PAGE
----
A DISTANT SHORE
It disturbs, a transient image
shaping a dream, intruding into
work and realities, this tiny
piece of white sand glistening
with shells polished by tidal
centuries, by human footprints still
unmarked, the truth or unreality
of its beauty, from the deck
of a passing ship glimpsed,
where the whirring of machines
is unheard, the silhouettes of skyscrapers
in mind etched by daily sight are blurred
by palm tress swaying, their fronds
whispering, voices from the depths
of new worlds emerging, banishing
worldly cares; where the air deepens breathing,
refreshes, revitalizes life and dream.
A turtle, then a woman swimming;
the years changed its shape for us.
The kites we launched from its sun-
dried top at low tide with taunts
soared high and fell hopelessly
with our vaguest dreams.
Our youth, weighed over the years
against its granite whole, changed,
inexplicably our strength gathered,
our voices with manliness toned.
Was I deaf to the fall
of the clinging barnacles
we detached from its crevices,
blind to the scrambling madness
of the fiddler crabs whose holes
we filled with sand, numbed to
the crawling despair of the snails
we upturned off their patient trails?
The coolness of its shadows
was friendlier, their silence
is our death, and of our world.
Regret is not enough, too late
for our playful innocence.
Sun and rain could not ascertain
its age, we never guessed
when the woman took shape,
its curves gentle against the horizon,
when it swam away with the tides
beyond the reaches of our ways.
Maybe it was only buried
by sand and flotsam;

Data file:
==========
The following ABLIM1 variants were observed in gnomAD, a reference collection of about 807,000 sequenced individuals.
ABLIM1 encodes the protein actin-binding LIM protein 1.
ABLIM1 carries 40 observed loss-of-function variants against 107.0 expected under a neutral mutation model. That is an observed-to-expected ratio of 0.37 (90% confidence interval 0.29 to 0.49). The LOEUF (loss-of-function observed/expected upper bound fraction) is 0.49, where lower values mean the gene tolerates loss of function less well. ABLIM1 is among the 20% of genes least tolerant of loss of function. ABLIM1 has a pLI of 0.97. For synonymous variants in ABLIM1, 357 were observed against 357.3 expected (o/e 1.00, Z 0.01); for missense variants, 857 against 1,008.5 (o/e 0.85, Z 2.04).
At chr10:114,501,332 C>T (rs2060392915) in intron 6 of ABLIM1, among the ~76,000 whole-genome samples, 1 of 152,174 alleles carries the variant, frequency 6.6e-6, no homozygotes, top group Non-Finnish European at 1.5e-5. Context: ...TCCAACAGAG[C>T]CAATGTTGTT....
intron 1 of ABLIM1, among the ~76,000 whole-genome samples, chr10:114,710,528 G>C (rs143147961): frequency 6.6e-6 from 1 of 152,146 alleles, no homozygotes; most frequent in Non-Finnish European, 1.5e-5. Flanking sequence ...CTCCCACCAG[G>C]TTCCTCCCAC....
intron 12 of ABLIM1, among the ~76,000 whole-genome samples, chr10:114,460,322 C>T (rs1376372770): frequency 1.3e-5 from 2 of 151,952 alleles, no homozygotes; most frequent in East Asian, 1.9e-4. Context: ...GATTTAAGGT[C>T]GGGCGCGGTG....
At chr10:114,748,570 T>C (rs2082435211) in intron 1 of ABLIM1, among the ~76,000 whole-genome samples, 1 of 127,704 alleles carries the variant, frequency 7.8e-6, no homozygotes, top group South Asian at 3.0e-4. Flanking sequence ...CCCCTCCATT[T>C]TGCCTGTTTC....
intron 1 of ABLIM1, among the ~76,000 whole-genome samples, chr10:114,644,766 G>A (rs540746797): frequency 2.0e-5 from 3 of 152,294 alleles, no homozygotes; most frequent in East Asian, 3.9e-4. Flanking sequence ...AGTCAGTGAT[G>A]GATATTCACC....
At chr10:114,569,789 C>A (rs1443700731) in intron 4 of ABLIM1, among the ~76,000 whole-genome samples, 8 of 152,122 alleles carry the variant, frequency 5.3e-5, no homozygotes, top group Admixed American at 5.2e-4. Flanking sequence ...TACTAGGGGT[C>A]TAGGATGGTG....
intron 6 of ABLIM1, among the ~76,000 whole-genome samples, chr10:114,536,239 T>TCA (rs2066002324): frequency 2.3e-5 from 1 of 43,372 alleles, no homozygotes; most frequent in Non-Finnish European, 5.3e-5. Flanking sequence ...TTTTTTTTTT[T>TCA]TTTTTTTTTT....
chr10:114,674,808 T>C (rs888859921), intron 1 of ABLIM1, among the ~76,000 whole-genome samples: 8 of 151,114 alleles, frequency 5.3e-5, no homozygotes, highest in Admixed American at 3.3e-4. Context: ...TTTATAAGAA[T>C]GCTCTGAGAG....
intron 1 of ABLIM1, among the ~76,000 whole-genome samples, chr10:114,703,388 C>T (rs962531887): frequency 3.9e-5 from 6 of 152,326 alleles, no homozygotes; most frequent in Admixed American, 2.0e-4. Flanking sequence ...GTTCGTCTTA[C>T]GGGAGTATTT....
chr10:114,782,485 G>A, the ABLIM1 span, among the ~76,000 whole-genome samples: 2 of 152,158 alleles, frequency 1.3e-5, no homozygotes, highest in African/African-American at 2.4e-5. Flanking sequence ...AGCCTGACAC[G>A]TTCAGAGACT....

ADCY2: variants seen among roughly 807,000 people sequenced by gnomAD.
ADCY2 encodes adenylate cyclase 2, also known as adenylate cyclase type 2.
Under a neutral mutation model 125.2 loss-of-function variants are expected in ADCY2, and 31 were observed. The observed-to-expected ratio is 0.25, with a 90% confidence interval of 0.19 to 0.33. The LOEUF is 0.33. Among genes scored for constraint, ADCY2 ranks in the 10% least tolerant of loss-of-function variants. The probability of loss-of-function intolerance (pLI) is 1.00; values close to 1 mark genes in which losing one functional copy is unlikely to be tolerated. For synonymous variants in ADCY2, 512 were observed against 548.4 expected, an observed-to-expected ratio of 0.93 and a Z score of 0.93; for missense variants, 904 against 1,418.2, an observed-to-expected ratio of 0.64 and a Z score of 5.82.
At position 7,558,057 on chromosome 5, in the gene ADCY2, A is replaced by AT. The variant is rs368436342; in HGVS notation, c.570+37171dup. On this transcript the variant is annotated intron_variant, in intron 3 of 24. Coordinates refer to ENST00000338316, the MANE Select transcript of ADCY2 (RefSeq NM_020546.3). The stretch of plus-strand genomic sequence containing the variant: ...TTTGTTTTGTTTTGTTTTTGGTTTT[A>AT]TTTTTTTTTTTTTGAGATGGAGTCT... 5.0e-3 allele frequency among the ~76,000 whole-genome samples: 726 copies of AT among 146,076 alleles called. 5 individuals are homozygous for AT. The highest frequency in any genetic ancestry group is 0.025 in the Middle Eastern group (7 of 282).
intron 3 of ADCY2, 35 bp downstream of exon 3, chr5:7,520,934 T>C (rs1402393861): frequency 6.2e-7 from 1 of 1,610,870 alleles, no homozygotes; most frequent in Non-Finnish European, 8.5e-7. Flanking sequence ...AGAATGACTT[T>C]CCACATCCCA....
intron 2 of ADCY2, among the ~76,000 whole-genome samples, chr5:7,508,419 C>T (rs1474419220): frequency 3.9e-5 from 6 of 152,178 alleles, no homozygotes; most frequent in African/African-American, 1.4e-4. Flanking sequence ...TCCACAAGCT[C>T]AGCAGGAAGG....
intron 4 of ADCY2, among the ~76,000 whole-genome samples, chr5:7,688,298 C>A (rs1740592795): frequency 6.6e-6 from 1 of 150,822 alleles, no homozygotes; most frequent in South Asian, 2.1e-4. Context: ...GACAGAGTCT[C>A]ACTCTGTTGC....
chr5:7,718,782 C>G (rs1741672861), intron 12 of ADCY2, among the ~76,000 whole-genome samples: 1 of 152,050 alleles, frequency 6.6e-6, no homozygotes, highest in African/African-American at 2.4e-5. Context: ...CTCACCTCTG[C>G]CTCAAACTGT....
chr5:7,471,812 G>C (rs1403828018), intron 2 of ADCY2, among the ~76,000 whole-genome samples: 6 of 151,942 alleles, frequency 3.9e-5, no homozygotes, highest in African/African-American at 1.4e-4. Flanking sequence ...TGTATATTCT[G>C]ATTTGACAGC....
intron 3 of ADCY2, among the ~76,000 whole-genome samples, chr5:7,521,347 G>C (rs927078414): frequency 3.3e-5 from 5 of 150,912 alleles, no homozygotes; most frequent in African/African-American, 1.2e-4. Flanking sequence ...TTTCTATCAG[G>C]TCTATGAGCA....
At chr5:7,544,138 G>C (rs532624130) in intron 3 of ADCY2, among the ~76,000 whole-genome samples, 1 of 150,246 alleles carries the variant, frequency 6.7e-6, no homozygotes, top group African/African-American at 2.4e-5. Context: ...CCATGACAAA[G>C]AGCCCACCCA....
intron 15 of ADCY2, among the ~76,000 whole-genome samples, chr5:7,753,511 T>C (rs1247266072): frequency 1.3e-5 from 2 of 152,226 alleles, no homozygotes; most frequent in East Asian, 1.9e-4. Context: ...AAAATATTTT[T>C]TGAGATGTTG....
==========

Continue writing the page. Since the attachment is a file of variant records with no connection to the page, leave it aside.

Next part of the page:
we can still dig it up
even just out of memories ---
this shape of life beyond things,
this shape of us that is life itself.
There are many, these lines
of sea and sky wedded, reached
by vision, as many visions.
Seaward drawn by waves jade
on fair days, azure skies, by indigo
heavens aquamarine, rainbow-
hued at sunrise and sunset.
Landward etched by skyscrapers,
architectonics of cities towered
by imagination, on drawing boards
designed, circumscribed by
steel, concrete, roof-top fantasies.
Mountainward sculpted by
peaks, ranges, and cliffs fragmented by
tree tops, by birds in flight dotted,
mirage-like with heat, mist, wind.
Receding and advancing through
the mind's eye, this distant reality is
beyond collation of the variegated,
defying integration of its parts,
legislation can only specify its boundaries.
Being more illusion than ideal it can
vanish and reappear by relocation
only with the earth's destruction
or realignment with aided vision.
That line so near and describable, yet
distant, can not be reified by that romantic
"new horizon", a world different,
idealized with races synthesized;
even the strong can not proscribe,
even the arts can not prescribe.
Even with Atlas shifting
his load, diversity of lives congruent,
circles can only be concentric
in tangents, lines bisect into angles,
requiring sight diachronic and synchronic
varied and diverse in proximate conjunctures.
There are as many horizons
as there are visions and revisions.
TOO NEAR THE WIND
we sail too near
the wind our many
lives vortex-ward we
whirl to center calms too
short for us to live in truth
our many hopes for long
as soon again we sail
too near the wind where
life is not a dream.
At that moment the sun breaks
into light, at noon a thing
becomes one with its shadow,
twilight the dying sun embraces,
the sickle moon fills up its fullness.
The horizon is a rendezvous
of sea and sky, currents are clashes
of water hot and cold, waves enliven
lonely shores, lapping their water lines.
Time is to value wedded, the boundless-
ness of sound in space is untraceable,
light speeds through time measurable.
In memory coexists remembrance
and forgetfulness, reflexive are love
and hate, interior and exterior are not
demarcated, in refraction the physical
and the spiritual are reflexive, good and
evil interface, in poetry united by artistry.
Into living reality nature and self
metamorphose, the poet’s thoughts
and art knife through a troubled
world, capture despair, hope
and joy at edges that are moments
creating truth and beauty.
(Poems from “Of Near and Distant Shores,” translations
from the original Hiligaynon, “Nahanungod sa Malapit kag Malayo Nga Mga
Baybayon,” by Lucila V. Hosillos.)